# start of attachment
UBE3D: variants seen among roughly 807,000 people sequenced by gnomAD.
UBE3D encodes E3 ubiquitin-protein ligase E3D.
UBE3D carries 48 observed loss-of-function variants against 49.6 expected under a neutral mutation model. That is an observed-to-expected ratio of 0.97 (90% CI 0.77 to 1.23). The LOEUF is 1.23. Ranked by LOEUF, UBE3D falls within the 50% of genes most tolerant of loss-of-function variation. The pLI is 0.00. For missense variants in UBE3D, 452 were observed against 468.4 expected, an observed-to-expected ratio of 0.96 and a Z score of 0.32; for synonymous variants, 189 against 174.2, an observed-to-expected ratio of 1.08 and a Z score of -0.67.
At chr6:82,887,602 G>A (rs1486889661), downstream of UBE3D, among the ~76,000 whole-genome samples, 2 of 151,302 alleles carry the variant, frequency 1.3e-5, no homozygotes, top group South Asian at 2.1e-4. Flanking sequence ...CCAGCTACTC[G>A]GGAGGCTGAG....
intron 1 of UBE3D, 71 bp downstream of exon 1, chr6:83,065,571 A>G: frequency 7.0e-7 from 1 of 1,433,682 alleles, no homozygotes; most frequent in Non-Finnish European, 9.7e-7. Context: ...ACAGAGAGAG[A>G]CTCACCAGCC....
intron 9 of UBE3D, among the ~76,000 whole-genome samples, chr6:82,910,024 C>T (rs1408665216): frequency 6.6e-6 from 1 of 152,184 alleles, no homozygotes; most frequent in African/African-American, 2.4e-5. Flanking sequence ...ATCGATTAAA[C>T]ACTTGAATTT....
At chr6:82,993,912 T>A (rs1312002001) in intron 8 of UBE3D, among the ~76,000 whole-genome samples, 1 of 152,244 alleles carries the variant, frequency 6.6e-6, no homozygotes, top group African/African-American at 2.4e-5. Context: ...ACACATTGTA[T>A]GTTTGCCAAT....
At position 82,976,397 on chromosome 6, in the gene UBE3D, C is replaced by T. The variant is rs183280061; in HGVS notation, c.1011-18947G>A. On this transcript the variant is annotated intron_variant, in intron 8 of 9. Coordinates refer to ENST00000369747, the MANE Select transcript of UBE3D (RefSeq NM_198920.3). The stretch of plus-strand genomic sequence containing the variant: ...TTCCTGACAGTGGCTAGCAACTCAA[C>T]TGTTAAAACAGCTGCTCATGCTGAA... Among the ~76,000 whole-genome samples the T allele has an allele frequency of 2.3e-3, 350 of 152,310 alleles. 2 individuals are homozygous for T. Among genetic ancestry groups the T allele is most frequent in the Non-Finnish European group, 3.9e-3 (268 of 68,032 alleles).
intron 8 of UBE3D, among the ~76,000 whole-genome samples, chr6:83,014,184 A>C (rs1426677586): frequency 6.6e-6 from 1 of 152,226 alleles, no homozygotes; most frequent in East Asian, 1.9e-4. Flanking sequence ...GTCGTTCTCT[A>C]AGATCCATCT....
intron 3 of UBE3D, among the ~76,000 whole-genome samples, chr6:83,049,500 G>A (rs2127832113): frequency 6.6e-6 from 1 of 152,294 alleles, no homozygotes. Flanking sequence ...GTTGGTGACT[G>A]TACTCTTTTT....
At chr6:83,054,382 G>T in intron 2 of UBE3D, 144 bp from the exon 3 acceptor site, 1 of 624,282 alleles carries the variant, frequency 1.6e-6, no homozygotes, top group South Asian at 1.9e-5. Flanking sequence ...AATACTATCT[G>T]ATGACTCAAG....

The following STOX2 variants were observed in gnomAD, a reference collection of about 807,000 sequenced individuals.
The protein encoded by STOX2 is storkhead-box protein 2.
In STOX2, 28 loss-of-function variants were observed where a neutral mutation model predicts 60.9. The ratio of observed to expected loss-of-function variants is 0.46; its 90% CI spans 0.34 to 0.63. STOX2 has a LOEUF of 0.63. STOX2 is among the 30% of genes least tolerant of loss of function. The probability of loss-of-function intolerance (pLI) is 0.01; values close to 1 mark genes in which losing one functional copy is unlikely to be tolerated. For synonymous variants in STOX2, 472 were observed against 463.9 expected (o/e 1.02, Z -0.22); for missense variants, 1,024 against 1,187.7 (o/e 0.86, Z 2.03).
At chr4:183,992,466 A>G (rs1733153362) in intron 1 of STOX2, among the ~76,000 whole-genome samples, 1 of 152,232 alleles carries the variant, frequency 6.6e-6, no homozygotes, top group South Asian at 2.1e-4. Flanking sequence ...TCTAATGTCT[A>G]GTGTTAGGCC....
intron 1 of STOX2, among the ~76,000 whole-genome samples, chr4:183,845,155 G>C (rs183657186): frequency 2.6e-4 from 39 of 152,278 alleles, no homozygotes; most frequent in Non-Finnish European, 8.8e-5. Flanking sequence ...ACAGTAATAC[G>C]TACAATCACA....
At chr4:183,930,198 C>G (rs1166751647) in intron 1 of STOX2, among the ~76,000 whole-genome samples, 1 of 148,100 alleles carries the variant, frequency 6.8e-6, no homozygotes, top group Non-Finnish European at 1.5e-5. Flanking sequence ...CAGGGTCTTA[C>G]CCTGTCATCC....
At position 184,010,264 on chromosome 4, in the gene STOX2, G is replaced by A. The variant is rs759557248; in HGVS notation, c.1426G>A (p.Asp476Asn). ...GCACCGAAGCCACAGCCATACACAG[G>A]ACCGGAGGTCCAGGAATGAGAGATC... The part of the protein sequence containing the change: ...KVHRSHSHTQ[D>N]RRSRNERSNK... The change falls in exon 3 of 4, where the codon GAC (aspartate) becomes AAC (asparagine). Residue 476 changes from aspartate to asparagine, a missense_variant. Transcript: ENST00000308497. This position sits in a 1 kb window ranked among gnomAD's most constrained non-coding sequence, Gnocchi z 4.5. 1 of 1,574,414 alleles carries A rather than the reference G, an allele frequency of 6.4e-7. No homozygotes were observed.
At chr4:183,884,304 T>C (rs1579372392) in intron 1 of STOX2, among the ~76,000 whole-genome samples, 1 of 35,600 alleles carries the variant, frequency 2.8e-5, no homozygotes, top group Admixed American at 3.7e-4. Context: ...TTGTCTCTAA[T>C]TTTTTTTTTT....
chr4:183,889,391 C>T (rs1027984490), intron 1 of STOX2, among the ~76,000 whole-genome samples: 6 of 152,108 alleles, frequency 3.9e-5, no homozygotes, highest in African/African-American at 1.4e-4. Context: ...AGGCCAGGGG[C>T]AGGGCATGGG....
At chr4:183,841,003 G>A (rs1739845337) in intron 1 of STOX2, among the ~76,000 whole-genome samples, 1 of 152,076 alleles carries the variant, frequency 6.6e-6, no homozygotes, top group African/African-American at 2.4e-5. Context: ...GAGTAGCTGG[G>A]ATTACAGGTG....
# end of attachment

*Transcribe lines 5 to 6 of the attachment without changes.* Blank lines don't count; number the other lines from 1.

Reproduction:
intron 1 of UBE3D, 71 bp downstream of exon 1, chr6:83,065,571 A>G: frequency 7.0e-7 from 1 of 1,433,682 alleles, no homozygotes; most frequent in Non-Finnish European, 9.7e-7. Context: ...ACAGAGAGAG[A>G]CTCACCAGCC....
intron 9 of UBE3D, among the ~76,000 whole-genome samples, chr6:82,910,024 C>T (rs1408665216): frequency 6.6e-6 from 1 of 152,184 alleles, no homozygotes; most frequent in African/African-American, 2.4e-5. Flanking sequence ...ATCGATTAAA[C>T]ACTTGAATTT....